John Smith mezzotint printmaker biography

Early history of mezzotint

John Smith: Mezzotint printmaker

John Smith (1652-1743) was a gifted and ambitious printmaker and publisher whose long career began in the reign of Charles II and closed after the accession of George II. He was born in Northamptonshire and worked in London, specializing in the relatively new technique of mezzotint printing. Between 1683 and 1729 he produced over three hundred prints. Trained as a printmaker he was able to retain a controlling hand when, in the early 1690s, he turned from pure printmaking to printmaking and publishing. The refinement and 'modernity' of his prints brought him fame and then material prosperity and Smith's career, largely independent of interference from outside publishers, must have been an inspiration to William Hogarth (1697-1764) and the next generation of printmakers.

According to George Vertue Smith learnt the technique of mezzotinting from the printmaker Isaac Beckett (c.1653-88) and the Dutch artist Jan Van der Vaart (1653-1727). To begin with he worked for a variety of publishers, among them Richard Palmer who published a set of royal portraits by Smith in the early 1680s (see Charles II, 1683, CS [Chaloner Smith no.] 46). Later, around 1684-86, Smith worked for the publishers Alexander Browne and Edward Cooper. However from 1692 he assumed complete control over the production and publication of all his plates. Some of Smith's commissions came from private individuals ('private plates'), but the foundation of his success came from his association with the portrait painter Sir Godfrey Kneller (1646-1723). Smith worked from rooms at the sign of the Lion and Crown in Russell Street, close to Kneller's studio in Covent Garden piazza, and he came to enjoy a virtual monopoly in the production of prints after the artist, engraving 113 of his works. He engraved Kneller's self-portrait in 1694 (CS 150) and Kneller in turn painted Smith's portrait in 1696 (Tate Gallery). To emphasise the special relationship Kneller depicted Smith holding an impression of his 1694 mezzotint. The collaboration lasted from c.1689 until the artist's death in 1723, with a brief interruption in 1708-9 when Kneller turned to the younger mezzotinter John Simon (1675-c.1755).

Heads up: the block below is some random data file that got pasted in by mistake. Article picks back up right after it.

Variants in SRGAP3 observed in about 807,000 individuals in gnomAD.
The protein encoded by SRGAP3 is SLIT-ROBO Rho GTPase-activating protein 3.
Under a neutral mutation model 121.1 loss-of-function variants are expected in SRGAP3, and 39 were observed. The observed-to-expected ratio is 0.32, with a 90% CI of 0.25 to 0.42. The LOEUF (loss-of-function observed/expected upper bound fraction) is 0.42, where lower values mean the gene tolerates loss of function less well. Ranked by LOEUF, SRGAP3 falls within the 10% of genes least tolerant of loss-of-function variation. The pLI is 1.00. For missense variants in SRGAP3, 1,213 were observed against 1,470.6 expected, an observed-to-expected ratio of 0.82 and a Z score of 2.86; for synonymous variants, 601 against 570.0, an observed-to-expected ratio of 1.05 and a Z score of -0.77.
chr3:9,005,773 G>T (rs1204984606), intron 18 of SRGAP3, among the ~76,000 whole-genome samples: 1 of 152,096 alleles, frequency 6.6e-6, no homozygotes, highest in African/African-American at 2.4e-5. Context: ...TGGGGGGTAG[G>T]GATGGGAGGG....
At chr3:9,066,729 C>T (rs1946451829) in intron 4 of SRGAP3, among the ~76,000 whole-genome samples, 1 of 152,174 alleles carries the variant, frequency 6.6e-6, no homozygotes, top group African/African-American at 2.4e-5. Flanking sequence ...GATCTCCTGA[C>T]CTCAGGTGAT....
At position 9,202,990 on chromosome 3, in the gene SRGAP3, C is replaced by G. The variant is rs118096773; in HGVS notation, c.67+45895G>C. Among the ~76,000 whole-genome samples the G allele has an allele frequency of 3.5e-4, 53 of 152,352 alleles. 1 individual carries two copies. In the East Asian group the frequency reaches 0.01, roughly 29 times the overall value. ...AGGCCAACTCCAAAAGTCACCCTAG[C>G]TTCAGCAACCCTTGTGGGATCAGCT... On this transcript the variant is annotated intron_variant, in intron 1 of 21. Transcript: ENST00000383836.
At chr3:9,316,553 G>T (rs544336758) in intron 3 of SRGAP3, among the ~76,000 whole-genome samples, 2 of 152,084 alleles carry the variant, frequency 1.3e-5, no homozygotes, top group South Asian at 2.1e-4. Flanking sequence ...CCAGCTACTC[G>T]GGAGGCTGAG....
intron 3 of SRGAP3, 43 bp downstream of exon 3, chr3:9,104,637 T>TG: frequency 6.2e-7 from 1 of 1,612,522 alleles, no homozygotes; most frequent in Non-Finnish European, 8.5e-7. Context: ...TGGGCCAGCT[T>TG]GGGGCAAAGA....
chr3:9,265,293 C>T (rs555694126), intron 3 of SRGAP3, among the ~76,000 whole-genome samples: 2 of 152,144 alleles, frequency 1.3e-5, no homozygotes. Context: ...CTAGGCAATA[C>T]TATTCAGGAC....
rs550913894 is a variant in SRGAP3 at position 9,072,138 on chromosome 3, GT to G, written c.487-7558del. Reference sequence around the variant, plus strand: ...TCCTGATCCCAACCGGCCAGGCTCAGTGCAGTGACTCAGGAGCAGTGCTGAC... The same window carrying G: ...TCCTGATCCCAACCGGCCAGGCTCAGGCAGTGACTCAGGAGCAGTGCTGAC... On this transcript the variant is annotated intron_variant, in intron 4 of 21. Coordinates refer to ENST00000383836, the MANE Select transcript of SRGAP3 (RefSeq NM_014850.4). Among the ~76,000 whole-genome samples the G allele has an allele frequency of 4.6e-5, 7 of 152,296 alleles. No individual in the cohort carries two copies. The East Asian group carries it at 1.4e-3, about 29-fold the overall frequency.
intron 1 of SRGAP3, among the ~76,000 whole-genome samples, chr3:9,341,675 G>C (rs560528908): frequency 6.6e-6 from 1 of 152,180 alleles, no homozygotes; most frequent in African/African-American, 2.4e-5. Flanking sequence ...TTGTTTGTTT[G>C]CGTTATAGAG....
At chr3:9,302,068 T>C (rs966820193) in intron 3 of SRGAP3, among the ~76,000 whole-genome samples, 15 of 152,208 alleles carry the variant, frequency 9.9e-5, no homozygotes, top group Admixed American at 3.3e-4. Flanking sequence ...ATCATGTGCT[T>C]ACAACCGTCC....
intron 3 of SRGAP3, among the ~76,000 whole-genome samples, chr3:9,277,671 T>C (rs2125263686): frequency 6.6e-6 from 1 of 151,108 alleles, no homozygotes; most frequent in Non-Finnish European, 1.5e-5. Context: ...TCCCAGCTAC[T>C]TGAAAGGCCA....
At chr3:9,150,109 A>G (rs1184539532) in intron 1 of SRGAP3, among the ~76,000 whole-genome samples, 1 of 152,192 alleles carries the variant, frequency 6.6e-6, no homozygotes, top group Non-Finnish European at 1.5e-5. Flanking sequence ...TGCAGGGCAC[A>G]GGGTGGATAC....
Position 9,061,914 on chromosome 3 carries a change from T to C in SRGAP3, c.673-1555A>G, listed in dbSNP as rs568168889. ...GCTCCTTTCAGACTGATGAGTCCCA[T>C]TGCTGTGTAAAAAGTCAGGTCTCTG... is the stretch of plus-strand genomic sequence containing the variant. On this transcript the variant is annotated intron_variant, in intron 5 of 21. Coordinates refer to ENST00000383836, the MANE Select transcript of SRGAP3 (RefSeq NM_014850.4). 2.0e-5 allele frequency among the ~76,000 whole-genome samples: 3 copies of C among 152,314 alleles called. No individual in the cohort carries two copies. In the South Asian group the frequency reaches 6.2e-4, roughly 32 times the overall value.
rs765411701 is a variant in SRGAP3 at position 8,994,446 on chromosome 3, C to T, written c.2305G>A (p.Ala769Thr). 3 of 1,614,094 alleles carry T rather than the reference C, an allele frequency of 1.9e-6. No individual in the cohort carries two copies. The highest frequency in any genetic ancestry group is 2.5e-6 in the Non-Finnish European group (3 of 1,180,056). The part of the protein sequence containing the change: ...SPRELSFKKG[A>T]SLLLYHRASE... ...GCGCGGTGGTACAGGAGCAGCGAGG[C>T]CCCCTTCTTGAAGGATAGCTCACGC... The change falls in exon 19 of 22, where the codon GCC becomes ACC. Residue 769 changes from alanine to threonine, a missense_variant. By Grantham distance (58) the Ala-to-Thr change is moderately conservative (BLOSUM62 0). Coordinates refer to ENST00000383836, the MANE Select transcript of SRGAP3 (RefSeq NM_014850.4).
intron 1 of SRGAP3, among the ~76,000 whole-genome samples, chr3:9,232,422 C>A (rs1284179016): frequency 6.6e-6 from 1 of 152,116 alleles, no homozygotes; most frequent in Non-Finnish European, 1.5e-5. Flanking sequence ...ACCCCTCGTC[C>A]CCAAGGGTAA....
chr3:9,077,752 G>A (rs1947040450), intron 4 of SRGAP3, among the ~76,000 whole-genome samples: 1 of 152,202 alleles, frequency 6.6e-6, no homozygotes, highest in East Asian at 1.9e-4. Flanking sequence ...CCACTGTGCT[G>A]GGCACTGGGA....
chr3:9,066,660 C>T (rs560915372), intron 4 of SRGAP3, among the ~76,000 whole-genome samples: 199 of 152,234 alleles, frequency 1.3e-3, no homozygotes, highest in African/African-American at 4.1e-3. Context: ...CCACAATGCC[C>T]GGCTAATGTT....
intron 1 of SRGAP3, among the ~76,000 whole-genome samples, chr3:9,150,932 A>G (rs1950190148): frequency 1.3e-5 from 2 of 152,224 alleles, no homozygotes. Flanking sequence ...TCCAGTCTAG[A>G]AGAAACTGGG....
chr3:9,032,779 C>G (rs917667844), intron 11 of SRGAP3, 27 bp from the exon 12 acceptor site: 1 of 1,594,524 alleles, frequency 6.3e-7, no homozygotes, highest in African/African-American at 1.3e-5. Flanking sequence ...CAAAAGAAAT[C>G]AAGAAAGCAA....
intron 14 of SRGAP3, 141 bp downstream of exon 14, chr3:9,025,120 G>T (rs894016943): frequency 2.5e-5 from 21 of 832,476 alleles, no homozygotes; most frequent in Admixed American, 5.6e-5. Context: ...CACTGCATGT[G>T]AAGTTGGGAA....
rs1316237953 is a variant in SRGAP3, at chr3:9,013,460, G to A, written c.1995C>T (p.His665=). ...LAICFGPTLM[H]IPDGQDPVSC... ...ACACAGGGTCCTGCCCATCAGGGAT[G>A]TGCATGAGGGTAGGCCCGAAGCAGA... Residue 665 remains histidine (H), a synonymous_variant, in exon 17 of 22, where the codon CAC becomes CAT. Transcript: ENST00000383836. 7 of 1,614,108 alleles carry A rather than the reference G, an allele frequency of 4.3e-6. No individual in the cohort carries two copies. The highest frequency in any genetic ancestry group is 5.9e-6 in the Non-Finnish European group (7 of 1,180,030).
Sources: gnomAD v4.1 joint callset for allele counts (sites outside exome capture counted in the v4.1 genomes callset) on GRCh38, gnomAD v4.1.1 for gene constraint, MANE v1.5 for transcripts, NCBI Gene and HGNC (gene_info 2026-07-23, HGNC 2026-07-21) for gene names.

Besides his production for Kneller, Smith also reproduced works of a number of contemporary British and foreign artists. These include Michael Dahl and Nicolas de Largillierre; a number of painters of Dutch origin, such as John Closterman, Johann Kerseboom, Godfried Schalcken, Jan Van der Vaart and William Wissing (in particular), and two painters mainly active in Scotland, William Aikman and Sir John Baptist de Medina. Of the English painters there are prints reproducing works by Thomas Gibson, Thomas Hill, Thomas Murray (at least ten), Jonathan Richardson and John Riley. His prints provide useful information on the work of some the less well-known names. In some cases a print is the only record of a lost work. Lettered prints, by providing dates and artists' names, also offer evidence for identifying portraits with now lost identities.